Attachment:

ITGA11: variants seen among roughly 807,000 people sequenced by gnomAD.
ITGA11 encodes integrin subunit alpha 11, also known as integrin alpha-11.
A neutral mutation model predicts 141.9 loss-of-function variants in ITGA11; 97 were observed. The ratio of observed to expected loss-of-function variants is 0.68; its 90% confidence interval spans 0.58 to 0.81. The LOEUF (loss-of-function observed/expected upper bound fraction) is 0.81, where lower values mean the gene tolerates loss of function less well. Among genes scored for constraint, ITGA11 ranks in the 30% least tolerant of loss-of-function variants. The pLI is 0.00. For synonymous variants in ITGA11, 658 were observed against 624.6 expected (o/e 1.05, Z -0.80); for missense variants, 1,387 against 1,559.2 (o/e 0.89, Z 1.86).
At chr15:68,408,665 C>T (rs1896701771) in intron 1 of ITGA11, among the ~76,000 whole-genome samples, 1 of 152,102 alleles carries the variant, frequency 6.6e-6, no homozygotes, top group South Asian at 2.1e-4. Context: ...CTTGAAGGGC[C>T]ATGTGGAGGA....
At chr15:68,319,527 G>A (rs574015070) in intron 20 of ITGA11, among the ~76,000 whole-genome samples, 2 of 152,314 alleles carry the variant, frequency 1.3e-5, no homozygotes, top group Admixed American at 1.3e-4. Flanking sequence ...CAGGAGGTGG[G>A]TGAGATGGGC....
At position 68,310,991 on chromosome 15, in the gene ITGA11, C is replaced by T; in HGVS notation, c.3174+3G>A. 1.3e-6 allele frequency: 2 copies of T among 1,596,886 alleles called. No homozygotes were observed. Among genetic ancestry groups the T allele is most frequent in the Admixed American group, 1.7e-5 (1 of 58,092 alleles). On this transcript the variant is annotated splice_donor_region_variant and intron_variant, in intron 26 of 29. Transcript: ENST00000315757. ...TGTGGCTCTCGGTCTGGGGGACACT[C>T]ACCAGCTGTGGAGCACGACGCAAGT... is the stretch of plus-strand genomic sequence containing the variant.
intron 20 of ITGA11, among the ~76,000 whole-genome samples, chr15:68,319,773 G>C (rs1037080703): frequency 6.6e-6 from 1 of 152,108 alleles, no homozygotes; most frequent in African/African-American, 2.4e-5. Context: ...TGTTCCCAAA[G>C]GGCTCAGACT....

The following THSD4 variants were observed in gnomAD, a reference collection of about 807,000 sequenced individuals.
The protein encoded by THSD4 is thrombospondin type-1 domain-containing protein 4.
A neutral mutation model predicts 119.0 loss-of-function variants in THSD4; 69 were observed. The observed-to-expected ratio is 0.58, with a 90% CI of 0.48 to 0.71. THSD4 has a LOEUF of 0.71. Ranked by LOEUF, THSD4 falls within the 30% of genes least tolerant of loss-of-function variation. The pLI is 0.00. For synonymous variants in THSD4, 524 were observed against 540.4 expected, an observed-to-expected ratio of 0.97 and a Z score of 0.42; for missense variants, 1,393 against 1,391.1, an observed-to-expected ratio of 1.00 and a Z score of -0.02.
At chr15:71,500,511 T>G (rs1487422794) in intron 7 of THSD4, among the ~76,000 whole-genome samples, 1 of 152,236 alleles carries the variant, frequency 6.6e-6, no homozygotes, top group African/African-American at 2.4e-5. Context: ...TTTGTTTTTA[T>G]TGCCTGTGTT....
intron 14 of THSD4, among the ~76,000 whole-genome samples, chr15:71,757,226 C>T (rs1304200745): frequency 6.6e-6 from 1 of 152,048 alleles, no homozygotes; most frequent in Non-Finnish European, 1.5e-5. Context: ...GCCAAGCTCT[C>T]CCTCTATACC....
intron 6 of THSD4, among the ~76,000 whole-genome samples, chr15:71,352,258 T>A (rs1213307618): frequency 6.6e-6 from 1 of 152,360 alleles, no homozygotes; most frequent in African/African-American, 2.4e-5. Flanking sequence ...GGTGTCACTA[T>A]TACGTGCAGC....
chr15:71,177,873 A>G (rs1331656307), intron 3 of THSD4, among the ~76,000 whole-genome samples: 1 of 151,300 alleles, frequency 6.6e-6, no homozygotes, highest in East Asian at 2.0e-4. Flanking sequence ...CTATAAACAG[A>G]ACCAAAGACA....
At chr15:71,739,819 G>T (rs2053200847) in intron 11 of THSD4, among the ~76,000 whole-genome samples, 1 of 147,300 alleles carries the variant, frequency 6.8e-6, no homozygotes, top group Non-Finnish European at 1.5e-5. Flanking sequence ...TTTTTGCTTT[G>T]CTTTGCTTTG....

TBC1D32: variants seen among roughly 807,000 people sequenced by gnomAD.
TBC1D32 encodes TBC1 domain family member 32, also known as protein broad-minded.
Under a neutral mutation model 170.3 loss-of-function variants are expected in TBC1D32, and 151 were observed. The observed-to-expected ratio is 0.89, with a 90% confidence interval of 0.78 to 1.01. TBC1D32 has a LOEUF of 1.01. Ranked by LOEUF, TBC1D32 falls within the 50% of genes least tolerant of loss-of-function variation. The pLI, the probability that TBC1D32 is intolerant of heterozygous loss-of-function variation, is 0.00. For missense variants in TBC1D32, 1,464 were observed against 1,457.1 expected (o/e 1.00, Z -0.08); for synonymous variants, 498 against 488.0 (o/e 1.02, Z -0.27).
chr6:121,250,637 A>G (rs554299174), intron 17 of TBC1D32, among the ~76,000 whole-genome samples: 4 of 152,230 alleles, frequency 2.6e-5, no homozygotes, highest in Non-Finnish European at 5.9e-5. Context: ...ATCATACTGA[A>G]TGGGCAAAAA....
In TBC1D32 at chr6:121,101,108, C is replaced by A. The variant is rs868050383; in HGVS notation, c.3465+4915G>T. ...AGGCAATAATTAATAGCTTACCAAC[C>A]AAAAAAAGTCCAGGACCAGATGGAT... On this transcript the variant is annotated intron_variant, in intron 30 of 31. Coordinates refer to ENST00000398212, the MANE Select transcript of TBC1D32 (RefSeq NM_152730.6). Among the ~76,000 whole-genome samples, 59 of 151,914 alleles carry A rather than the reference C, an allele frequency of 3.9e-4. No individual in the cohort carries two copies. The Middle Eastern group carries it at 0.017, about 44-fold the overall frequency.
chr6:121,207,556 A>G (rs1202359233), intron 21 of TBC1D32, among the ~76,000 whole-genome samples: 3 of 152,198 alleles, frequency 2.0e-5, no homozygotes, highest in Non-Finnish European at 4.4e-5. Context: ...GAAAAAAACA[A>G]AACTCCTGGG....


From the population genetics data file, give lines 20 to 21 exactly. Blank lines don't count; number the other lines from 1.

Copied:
In TBC1D32 at chr6:121,101,108, C is replaced by A. The variant is rs868050383; in HGVS notation, c.3465+4915G>T. ...AGGCAATAATTAATAGCTTACCAAC[C>A]AAAAAAAGTCCAGGACCAGATGGAT... On this transcript the variant is annotated intron_variant, in intron 30 of 31. Coordinates refer to ENST00000398212, the MANE Select transcript of TBC1D32 (RefSeq NM_152730.6). Among the ~76,000 whole-genome samples, 59 of 151,914 alleles carry A rather than the reference C, an allele frequency of 3.9e-4. No individual in the cohort carries two copies. The Middle Eastern group carries it at 0.017, about 44-fold the overall frequency.
chr6:121,207,556 A>G (rs1202359233), intron 21 of TBC1D32, among the ~76,000 whole-genome samples: 3 of 152,198 alleles, frequency 2.0e-5, no homozygotes, highest in Non-Finnish European at 4.4e-5. Context: ...GAAAAAAACA[A>G]AACTCCTGGG....